When I started my career in 1972, my husband and I both worked.  We didn’t have kids yet.  In those days, married couples were the ones having children.  After my kids were born, I divorced and became a single mom. Things have changed within a few generations. According to the Census Bureau, in 1974, a married couple headed 84 percent of all families with children, and from 1974 to 2015, the rate of families with children headed by a single mother nearly doubled – from 14.6 percent to 26.4 percent.  By the way, the rate of single fatherhood quadrupled from 1.4 percent to 8.1 percent. Today, almost 70 percent of women with children work outside the home.
Hopefully The New Normal
This is such a mainstream phenomenon that there is even a National At-Home Dad Network and they hold an annual convention. (By the way, they are coming up on their 22nd annual convention this year.)  The group supports Dads by “…bring[ing] primary dads together from across the country for professional development as dads who embrace parenting as their most important job, to network with other active and involved dads …” There are many local groups around the country.  These Dads know that they need support.  The Pew Research study cited above indicated that “Just 39% of fathers say they are doing a ‘very good job’ raising their children, compared with 51% of mothers.”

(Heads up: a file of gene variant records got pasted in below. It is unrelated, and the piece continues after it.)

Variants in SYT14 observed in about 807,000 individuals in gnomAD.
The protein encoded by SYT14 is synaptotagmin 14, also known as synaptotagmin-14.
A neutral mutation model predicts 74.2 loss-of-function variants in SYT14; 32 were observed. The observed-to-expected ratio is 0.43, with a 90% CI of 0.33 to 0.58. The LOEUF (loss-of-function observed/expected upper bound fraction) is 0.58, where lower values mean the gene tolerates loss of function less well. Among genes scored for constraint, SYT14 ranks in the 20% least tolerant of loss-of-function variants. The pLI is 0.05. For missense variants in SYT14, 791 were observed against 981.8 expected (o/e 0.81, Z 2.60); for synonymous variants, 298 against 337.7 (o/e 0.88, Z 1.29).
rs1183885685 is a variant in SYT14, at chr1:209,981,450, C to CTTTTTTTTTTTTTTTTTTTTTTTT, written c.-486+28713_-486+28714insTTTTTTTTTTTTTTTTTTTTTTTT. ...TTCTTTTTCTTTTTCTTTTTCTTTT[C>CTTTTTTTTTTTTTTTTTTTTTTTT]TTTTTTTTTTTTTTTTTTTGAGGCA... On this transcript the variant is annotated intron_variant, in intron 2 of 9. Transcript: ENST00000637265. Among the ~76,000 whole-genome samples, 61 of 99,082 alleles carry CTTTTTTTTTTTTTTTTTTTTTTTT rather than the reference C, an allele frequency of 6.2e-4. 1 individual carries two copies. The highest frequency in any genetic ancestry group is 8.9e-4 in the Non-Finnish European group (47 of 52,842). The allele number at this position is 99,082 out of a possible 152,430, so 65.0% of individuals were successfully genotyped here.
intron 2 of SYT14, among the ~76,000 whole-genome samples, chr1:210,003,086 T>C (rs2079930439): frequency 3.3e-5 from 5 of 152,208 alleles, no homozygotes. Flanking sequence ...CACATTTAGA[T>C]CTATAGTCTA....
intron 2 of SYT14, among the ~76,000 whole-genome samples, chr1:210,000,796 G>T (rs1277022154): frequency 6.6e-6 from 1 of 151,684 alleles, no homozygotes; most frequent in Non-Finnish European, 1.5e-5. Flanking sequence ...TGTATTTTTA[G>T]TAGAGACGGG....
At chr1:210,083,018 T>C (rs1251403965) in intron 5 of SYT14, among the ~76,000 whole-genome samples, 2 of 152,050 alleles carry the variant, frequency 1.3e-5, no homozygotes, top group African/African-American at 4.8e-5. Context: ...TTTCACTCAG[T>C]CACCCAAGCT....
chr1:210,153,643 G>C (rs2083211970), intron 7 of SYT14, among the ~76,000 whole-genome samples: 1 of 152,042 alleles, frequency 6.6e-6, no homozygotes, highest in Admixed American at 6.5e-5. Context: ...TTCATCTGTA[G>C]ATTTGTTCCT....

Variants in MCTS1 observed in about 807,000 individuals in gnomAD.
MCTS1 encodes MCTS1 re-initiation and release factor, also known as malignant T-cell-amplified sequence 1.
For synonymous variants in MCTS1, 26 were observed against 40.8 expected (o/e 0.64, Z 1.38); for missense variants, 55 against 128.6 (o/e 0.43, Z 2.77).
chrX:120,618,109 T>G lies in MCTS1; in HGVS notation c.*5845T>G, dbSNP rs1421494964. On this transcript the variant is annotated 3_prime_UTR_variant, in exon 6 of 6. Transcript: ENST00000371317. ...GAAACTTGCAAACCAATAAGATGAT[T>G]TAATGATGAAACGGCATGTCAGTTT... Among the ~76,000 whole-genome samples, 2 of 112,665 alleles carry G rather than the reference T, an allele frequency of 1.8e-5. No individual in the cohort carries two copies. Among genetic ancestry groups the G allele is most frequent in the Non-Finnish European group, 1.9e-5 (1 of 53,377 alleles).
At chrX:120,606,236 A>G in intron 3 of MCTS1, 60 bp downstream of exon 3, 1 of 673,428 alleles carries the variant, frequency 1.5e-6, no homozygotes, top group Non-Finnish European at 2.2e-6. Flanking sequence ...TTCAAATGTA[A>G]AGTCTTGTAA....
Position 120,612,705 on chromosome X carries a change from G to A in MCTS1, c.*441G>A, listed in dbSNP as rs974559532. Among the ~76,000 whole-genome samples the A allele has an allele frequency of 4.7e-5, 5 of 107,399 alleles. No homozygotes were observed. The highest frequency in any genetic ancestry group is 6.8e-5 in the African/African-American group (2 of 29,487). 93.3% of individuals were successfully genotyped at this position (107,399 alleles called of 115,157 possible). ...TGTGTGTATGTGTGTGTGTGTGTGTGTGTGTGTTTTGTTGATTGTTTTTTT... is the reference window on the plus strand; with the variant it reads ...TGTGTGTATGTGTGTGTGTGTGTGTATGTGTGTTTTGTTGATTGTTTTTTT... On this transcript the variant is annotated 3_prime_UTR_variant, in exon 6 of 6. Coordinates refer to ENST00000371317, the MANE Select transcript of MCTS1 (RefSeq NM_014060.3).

The great news is; whether you are a full-time kid caregiver or not, dads are more involved in their kids’ lives today, than in Donna Reed’s lifetime.  This is a profound change for society, and hopefully here to stay.
Gloria Steinem, a feminist I admire and know personally, is quoted as saying, ”The deepest change begins with men raising children as much as women do and women being equal actors in the world outside the home.”

By Forbes

It's a whole new era, the days of the chauvinist super mom title may be long gone

Why should a working mom who brings home the bacon be expected to come home (knackered as hell) and head to the kitchen or rub her husbands feet or read a book to the bambini (who has a dad that Does NOT bring home the bacon) when if it were the other way around it would be "Do you know how stressed out I am? " please give the lady a break! She is not super mom, she is as human as any man.